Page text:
Librarians are fucking heroes. They should be given medals of honor.
posted by serazin at 8:22 PM on June 5, 2011 [4 favorites]


Wonder where else corporate librarians get their satisfaction?

From the massive amount of money they make.
posted by His thoughts were red thoughts at 9:25 PM on June 5, 2011


Librarians are fucking heroes. They should be given medals of honor.

I know jess and the MeFi Librarian cadre will likely come down hard on me for asking this, but why are they heroes? Because they're educated people that have to deal with budget cutbacks? That's, like, every single public service you can name.
posted by Civil_Disobedient at 9:30 PM on June 5, 2011


Why are librarians heroes?

Rosemarie Bernier is a hero. She's getting kids online, teaching them digital literacy, and helping them learn research skills, among other things.

How many stories have you read about librarians helping kids by steering them towards books that change their lives, open their minds, and/or help them escape whatever crummy life situation they're in at the moment?

Librarians help people. They don't care if you're reading Sweet Valley High or Dostoevsky; if you're enjoying yourself, that's just fine by them.
posted by mogget at 9:44 PM on June 5, 2011 [1 favorite]


I doubt any librarians will "come down hard" on you for asking Civil_Disobedient (hard to picture what punishment you imagine here!) but I can tell you why I think librarians are heroes:

The librarians I interact with, and I interact with a lot of them because I go to the library 3 to 5 times a month, do an enormous amount of public service work that is nowhere in their job descriptions, including respectfully serving the most maligned and disrespected citizens of our society (the mentally ill homeless for example), and on top of that, the work that is in their job descriptions, which most seem to do unbelievably well, is intrinsically heroic. I am one who feels my life was literally saved by the library. I used to skip high school and hide out at one of the local branches where I discovered all kinds of poetry and literature that changed the course of my life. And the staff served me - judgement free - although some must have known I was a bit young to be spending hours alone out of school. Having a library to go to gave me a choice besides getting high and fucking losers, and opened my world to the possibility that there was something bigger and better than where I was. It made me realize history existed and other people had also had difficult adolescent periods that they'd survived and that people had imagined thousands of alternate worlds that could be better.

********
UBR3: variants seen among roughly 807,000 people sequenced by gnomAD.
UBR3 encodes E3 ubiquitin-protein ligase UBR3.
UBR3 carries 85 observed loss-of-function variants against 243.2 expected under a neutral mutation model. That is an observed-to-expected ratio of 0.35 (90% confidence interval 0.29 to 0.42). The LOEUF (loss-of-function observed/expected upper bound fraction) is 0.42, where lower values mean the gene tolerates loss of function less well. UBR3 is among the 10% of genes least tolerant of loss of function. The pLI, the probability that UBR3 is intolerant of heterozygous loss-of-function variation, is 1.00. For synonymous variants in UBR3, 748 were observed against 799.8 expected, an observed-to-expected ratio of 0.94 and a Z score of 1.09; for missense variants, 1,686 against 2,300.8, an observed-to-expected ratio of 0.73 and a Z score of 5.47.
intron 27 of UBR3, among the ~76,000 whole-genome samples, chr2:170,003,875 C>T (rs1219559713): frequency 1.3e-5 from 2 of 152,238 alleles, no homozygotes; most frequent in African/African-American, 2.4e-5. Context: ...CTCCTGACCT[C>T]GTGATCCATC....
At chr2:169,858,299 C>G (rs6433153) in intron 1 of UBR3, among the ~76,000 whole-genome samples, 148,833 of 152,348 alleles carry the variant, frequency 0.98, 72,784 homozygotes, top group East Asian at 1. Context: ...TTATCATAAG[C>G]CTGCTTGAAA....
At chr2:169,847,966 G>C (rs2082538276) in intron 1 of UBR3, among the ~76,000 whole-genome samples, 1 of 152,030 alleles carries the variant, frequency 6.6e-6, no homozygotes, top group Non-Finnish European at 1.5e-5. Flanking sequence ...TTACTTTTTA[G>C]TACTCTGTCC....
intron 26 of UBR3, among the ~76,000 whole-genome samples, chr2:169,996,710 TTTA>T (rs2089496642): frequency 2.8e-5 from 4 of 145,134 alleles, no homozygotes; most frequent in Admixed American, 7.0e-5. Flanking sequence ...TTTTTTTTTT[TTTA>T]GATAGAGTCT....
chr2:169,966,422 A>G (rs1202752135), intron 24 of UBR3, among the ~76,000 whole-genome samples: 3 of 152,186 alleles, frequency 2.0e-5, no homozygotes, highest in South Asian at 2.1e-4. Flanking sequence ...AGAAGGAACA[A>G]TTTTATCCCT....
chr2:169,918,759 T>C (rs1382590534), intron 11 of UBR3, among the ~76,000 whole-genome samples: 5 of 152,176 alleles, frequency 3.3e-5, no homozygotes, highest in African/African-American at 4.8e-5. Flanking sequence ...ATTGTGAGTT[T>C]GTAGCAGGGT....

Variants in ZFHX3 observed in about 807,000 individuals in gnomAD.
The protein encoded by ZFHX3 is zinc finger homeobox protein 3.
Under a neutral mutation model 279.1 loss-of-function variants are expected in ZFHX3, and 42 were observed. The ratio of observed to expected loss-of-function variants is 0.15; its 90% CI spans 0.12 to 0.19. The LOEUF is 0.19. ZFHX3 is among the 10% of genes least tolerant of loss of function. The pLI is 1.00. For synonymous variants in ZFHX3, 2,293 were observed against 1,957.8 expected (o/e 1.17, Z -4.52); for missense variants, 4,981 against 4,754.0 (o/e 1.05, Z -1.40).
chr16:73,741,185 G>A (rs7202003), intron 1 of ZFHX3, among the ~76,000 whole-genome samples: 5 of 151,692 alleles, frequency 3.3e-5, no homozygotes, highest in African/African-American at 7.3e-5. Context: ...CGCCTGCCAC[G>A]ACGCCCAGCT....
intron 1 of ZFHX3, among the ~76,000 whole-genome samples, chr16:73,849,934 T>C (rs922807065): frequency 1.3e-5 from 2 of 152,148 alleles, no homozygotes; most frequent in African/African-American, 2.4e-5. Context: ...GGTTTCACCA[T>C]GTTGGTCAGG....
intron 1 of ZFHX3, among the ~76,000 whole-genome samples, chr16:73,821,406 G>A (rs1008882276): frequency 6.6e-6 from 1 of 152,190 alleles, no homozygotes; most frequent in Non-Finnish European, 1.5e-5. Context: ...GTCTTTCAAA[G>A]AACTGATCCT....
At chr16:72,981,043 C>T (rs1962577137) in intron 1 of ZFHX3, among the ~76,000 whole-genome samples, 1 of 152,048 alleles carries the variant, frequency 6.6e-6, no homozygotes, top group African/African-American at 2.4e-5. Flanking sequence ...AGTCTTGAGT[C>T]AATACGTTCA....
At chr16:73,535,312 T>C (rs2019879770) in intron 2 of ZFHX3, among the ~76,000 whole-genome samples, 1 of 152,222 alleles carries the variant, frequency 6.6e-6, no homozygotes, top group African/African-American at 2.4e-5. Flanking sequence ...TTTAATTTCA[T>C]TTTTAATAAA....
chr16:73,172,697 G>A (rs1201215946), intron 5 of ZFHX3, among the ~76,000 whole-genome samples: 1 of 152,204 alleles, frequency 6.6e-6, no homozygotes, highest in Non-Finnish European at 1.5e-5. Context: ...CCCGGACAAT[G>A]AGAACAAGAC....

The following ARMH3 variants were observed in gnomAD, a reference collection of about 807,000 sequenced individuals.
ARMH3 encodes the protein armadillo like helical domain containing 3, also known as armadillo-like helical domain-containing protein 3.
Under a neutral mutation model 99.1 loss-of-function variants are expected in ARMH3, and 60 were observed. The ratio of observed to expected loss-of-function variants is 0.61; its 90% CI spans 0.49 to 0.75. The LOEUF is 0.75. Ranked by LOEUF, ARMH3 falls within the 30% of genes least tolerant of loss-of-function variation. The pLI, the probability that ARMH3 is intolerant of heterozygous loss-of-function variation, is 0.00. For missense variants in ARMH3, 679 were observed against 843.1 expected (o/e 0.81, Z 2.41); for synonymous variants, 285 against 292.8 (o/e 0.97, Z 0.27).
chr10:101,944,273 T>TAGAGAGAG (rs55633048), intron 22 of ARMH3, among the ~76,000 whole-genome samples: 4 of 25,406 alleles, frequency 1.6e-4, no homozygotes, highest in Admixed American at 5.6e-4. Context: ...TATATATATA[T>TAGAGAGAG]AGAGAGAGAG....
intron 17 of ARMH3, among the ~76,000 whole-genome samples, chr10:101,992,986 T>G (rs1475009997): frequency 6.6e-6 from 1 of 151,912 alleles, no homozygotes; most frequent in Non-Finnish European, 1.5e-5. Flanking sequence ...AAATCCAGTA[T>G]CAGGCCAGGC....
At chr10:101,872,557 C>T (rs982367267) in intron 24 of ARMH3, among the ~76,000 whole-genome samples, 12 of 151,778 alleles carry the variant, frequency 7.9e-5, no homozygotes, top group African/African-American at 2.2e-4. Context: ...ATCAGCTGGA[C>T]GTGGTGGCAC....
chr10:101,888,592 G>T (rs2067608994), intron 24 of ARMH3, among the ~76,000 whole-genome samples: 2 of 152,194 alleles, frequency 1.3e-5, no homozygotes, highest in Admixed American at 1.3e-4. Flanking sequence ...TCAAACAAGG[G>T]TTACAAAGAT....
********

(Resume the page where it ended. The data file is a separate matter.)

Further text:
Librarians have to deal with budget cutbacks like many other public servants, some who are also, in my view heroic, and much more than other supposed public servants who are willing to cut the wages of those under them but not themselves. In my city, the librarians are being blackmailed into taking some "concessions" to their contract while the police still have a sweet pension deal that is not up for discussion at the moment anyway. Some pubic servants are punished more than others. That inverse relationship between the value of the work librarians do and the working conditions some must endure - well - it takes a hero to stick that out.